When I wanted to write this new review, I could not really find a suitable recent score to write about. There are, of course, some real gems out there that I have not discovered yet, but instead of hunting for those, this time to have a look at one of the treasures from my personal collection, which is not very recent, but it is absolutely worth mentioning. This time I want to have a closer look at one of my favorite scores of the last decade: The Monkey King by Christopher Young.
I was already listening to the music before I even knew what the movie was, and I only saw the film about a year ago for the first time. It’s a Chinese fantasy movie, containing beautifully clothed characters equipped with special powers, using a fighting style that resembles more like dancing and flying. The story revolves around a conflict between two powerful beings over who should rule the heavens: The current ruler, The Jade Emperor, versus the Bull Demon King. Dragged into the fight is the clueless, but extremely powerful, Monkey King, who is trying to figure out on which side he belongs. Christopher Young, an American composer with a long career of scoring Hollywood movies, is not a composer I would expect to write the music for this kind of movie, but what he has created is absolutely magnificent.
The tracks on the album are not what you would normally see on a soundtrack album. Instead of many short tracks, which are quite often presented in chronological order according to their appearance in the movie, the album contains suites for each of the main characters.
First, I want to dive into the tracks that represent the women in the movie. “Tieshan Gongzhu, The Princess Iron Fan” is a wonderful tranquil cue with mostly Asian instruments. “Ruxue, The Silver Fox” is a playful piece with elegant melodies on Asian instruments, performed over a solid foundation by the orchestra. For “Guan Yin, The Goddess Of Mercy” Young has written a gorgeous lullaby performed by a child. Each of these tracks shows soft emotions: love and gentleness. At the same time, some of them are also quite powerful, and that is definitely true for the woman featured in “Nüwa, The Goddess Of Works.” This track is a superb orchestral piece, with a beautiful blend of strong powerful melody lines, worthy of the goddess who is able to create the heavens, but it also contains some gentleness, which is highlighted by a female choir.
Let’s now have a closer look at the three tracks representing the three colorful beings from the front cover of the album. The first track “Yu Huang Da Di, The Jade Emperor” is an excellent track representing the ruler of the heavens, with a strong foundation of percussion supported by the orchestra playing the same rhythm. On top of this, you can hear wonderful, majestic melody lines. What I also love about this track is that it does not really sound ‘heavenly’ to me. The music reflects the emperor as a powerful and mighty warrior.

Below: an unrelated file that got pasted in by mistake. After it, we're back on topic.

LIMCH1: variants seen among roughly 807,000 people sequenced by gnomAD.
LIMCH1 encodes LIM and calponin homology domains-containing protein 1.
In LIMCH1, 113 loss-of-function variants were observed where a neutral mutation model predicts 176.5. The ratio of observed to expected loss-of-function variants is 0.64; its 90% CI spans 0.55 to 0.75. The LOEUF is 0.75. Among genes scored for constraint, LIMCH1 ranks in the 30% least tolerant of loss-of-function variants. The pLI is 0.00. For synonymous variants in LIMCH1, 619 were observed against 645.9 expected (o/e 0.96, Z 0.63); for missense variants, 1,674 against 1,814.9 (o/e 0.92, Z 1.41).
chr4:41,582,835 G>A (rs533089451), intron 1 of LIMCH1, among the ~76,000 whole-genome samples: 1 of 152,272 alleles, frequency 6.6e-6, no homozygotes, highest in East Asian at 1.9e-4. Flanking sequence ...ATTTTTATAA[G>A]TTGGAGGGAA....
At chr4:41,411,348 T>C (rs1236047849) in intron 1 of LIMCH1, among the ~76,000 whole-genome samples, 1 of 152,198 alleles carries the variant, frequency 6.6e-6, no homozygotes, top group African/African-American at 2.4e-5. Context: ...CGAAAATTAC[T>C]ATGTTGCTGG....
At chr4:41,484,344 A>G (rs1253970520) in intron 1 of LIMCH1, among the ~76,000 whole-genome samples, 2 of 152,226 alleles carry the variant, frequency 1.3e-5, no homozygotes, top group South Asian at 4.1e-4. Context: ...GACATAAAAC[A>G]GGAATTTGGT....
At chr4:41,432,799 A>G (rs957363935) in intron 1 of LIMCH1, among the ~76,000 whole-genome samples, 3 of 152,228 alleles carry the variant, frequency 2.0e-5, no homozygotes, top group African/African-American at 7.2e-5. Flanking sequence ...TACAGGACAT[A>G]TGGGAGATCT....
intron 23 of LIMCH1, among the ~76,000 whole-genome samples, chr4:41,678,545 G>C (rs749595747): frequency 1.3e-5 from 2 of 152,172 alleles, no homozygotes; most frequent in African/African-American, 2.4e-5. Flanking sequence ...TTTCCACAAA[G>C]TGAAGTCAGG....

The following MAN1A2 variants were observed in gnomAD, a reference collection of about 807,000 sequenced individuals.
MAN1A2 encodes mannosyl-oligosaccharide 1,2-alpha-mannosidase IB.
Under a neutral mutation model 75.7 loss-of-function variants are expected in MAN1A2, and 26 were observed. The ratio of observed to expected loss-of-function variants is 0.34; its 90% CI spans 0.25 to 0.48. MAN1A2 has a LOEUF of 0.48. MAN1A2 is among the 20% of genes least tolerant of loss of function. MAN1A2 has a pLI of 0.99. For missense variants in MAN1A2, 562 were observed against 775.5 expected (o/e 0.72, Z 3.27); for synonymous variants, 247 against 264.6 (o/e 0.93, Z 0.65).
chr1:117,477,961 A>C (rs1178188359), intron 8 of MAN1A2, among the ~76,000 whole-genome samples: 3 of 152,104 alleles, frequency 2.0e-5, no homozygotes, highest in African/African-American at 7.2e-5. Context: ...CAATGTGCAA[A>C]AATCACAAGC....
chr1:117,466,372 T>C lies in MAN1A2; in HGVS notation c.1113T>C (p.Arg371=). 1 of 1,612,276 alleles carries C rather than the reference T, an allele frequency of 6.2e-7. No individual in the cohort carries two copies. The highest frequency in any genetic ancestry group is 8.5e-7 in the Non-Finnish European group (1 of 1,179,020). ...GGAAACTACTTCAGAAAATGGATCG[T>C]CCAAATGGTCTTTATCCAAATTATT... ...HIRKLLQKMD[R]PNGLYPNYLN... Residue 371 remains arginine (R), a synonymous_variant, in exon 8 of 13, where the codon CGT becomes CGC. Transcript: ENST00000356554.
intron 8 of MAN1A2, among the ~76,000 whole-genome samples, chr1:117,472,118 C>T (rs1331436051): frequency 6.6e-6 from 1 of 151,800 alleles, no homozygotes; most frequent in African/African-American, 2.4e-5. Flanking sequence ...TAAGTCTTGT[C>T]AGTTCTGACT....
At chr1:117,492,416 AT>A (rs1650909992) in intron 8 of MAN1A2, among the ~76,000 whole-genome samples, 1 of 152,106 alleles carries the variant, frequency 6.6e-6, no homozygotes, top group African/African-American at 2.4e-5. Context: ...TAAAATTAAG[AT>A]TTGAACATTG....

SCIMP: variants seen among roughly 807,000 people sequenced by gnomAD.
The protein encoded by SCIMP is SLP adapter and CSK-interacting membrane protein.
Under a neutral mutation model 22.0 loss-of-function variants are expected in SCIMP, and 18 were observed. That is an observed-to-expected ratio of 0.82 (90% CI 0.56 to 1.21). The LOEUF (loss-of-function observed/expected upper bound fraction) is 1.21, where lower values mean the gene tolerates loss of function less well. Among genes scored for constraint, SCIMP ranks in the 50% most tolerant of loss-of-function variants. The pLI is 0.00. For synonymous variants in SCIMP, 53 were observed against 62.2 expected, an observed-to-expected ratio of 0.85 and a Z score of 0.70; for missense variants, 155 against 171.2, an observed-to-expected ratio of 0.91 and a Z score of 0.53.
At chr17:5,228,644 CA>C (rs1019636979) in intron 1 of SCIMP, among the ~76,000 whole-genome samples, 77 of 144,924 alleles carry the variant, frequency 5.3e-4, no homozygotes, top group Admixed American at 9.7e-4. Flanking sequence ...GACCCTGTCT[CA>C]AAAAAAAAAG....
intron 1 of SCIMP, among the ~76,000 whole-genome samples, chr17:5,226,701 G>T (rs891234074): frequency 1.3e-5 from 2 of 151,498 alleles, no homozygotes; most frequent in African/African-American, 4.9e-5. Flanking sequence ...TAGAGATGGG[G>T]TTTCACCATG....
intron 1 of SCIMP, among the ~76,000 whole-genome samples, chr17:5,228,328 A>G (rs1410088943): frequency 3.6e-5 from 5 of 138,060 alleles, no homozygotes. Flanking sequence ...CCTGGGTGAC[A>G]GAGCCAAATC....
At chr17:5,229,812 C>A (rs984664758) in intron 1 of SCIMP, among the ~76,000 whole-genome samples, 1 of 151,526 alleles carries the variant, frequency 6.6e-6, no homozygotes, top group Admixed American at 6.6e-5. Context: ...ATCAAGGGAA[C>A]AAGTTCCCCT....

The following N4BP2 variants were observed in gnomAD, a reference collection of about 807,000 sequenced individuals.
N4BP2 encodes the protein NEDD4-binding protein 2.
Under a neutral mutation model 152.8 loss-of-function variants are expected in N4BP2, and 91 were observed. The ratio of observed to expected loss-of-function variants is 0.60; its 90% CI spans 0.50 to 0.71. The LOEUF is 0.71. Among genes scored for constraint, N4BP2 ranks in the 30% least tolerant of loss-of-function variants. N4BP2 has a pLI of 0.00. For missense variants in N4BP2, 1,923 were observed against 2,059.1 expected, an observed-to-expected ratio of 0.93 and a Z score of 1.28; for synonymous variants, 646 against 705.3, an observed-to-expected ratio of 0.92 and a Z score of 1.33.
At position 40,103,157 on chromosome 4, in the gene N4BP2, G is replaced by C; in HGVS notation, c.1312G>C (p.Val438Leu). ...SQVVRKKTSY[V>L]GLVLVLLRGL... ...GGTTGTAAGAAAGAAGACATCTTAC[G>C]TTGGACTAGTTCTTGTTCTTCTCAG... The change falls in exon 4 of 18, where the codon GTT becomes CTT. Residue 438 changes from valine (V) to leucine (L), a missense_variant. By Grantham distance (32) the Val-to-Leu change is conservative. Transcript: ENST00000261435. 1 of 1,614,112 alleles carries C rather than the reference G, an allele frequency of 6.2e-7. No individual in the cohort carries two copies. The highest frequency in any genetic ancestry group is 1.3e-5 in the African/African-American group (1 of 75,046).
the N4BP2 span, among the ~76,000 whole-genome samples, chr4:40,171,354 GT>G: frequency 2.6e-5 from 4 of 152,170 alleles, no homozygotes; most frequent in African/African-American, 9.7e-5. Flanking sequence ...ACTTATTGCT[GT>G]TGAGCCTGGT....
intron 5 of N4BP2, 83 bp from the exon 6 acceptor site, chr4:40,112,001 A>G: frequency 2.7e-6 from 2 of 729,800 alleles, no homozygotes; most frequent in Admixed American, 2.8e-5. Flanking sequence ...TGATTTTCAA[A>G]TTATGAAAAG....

His adversary is represented by the longest track on the album in “Niu Mo Wang, The Bull Demon King.” Just as in most other tracks, the music is orchestral, with support from a choir, but it also has a rock element to it with guitars and drums. As with the emperor track, the music contains many powerful moments, as well as beautiful and emotional melodies, telling the listener that underneath the warrior there is also a person, with touching problems and motivations, which give him the drive to try to defeat the emperor.
The last track that I would like to mention is “Sun Wukong, The Monkey King,” and it presents the music for the main character. As with the suites for the emperor and the demon bull, it is an intense-sounding orchestral piece. The introduction is a beautiful orchestral piece, in which the main focus lies on a solo by the French horn. Afterwards, it transitions into a cue, in which the main melody contains long lines played by an Asian string instrument, supported by the orchestra, choir and drums. In the middle, the music transforms into an emotional part, with a solo by the same Asian instrument, before the suite is concluded by the two cues from the beginning. This track portrays this extremely powerful entity very well, who is able to carry the weight of two mountains and can travel at the speed of a meteor.
When I listen to all the suites, I can clearly hear these magnificent godlike beings reflected in the music, without watching the movie. This is perfect film music for me, because it supports the scenes very well, by enhancing the features of these characters, while it is also a wonderful listening experience without the images. It is also marvelous that Christopher Young transformed the music from the movie into stand-alone suites. It makes the whole score a delight to listen to, but also makes each separate track a complete package that can be performed in a concert hall. The only negative thing about the perfect score for The Monkey King is, unfortunately, quite a big one. Sadly for the film music fans, the CD was only available for a limited time, and the music cannot be found on digital streaming platforms. Luckily, I found a second-hand CD for only 25 euros, which is a very decent price for this magnificent score, worthy of being in my top 20 of the last decade.
Listen or buy
- Buy this soundtrack second-handed from Amazon.com or Discogs
- Request a track of this soundtrack on StreamingSoundtracks.com
The highlights are in bold.
- Yu Huang Da Di, The Jade Emperor (7:14)
- Tieshan Gongzhu, The Princess Iron Fan (3:23)
- Ao Kuang, The Dragon King Of The East Sea (9:50)
- Nüwa, The Goddess Of Works (7:58)
- Ruxue, The Silver Fox (5:41)
- Erlang Shen, The Three-Eyed Warrior (3:15)
- Guan Yin, The Goddess Of Mercy (3:25)
- Subhūti, The Old Master (2:32)
- Niu Mo Wang, The Bull Demon King (16:53)
- Sun Wukong, The Monkey King (8:40)
- Just Dreams (4:35)
Total length: 1 hour and 13 minutes